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with the comments in the summary of the committee's report about the need to build on and strengthen the existing PRO infrastructure for quality assurance. The criticisms noted in the summary on the PRO program are all appropriate, but I am not going to blame the individual PRO organizations for that. We in the Congress structured the program poorly and we, along with the Health Care Financing Administration, were negligent in attending to essential details. For example, we did not provide space for the individual PROs to breathe, grow, and adjust to reality at an individual state level as I intended when we first started the program. Thus, we now have a structure that gives primary attention to utilization rather than quality, focuses on outliers rather than the average provider, concentrates on inpatient care, imposes excessive burdens on providers, and does not use positive incentives to alter performance. It follows, of course, that almost every doctor perceives the program as adversarial and punitive.

For the last five years or so, we have listened to similar complaints about the PROs without doing anything to correct the problems. The IOM critique is an accurate critique. Furthermore, the committee's conclusion to build on the infrastructure that is in place—to learn from what we know—is also an appropriate conclusion.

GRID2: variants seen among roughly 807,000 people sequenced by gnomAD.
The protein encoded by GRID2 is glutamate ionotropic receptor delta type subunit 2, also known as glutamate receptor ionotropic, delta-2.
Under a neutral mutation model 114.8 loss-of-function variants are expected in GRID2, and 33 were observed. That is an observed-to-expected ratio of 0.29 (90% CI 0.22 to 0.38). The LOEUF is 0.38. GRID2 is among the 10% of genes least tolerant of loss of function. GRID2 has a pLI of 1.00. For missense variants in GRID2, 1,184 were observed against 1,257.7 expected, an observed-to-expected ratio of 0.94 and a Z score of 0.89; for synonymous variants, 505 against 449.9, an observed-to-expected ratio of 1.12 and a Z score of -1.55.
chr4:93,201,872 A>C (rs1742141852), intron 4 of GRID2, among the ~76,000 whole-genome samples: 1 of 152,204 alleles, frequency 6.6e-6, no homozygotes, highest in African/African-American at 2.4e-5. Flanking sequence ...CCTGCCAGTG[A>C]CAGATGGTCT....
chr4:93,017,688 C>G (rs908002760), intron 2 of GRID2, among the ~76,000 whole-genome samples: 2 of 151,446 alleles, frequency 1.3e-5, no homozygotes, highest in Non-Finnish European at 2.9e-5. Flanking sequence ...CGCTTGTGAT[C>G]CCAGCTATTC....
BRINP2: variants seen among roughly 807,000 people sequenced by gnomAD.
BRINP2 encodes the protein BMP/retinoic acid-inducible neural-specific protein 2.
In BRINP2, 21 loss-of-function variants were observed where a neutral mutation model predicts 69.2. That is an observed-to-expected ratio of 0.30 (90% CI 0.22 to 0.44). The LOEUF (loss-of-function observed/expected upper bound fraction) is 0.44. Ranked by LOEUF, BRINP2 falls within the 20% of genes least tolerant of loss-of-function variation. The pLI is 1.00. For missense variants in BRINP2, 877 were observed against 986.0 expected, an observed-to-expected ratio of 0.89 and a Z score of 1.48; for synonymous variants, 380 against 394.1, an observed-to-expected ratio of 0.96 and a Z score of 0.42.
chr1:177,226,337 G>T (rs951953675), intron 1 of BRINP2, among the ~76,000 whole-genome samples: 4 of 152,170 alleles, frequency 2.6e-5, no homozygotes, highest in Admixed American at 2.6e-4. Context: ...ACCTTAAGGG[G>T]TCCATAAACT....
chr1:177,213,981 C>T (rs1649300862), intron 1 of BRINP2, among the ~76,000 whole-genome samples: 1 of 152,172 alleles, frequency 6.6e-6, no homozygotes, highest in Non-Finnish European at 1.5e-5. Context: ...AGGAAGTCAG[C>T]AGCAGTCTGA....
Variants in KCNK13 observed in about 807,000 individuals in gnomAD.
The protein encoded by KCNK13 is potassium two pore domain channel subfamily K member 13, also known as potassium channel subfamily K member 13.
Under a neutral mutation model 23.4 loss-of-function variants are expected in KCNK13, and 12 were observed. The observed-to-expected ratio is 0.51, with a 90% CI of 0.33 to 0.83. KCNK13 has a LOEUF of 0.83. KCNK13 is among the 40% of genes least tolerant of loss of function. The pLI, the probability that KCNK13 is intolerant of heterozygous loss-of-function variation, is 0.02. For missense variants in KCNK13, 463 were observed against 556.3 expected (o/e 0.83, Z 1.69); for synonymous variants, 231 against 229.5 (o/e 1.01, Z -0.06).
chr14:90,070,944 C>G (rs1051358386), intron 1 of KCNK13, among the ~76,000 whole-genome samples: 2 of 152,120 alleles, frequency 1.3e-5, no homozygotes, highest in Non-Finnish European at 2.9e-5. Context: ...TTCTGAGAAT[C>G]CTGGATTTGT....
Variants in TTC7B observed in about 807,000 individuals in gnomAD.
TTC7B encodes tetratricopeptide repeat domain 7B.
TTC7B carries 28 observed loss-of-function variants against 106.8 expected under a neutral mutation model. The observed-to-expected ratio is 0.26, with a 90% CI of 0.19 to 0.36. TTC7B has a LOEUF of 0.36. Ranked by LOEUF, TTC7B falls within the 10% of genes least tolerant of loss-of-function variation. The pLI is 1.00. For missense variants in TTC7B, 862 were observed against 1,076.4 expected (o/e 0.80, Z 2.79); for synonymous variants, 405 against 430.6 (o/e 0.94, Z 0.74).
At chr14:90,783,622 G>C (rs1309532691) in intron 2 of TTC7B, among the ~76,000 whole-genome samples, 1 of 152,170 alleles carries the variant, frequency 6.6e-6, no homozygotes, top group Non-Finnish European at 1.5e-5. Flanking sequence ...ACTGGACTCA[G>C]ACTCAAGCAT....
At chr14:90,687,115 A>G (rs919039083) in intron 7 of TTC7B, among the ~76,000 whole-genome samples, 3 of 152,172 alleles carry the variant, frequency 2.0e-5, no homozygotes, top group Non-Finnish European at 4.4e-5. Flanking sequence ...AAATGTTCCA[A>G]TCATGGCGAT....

I do not consider it my task today to comment in depth on the specifics of the 10-year implementation plan. I would like to make a general comment, however. The IOM and the study committee are to be complimented on the repeated emphasis in the implementation plan on the engagement of providers, patients, and consumers in quality assurance. That theme is present throughout the report. I agree with the importance of keeping the lines of communication and understanding open.


Problems of access and underuse are quality-of-care issues. However, the IOM was not charged by Congress through this study to focus on those problems. Thus, it is not a surprise that the report does not give equal attention to quality issues of the uninsured or underserved. Congress requested that the IOM undertake this study because of concern about the quality assurance program of Medicare—thinking in particular of the existing PRO program, which only monitors the quality of care provided or delivered to the Medicare beneficiary. The study was also supported by members of Congress who acknowledge that a price is paid for achieving advances in medicine: paying for new medical technology means less is available for the uninsured or underserved. We felt that we first needed to know how to assure the quality of care that is delivered; we needed to know how to determine if and where we are spending more than is necessary to have quality care.

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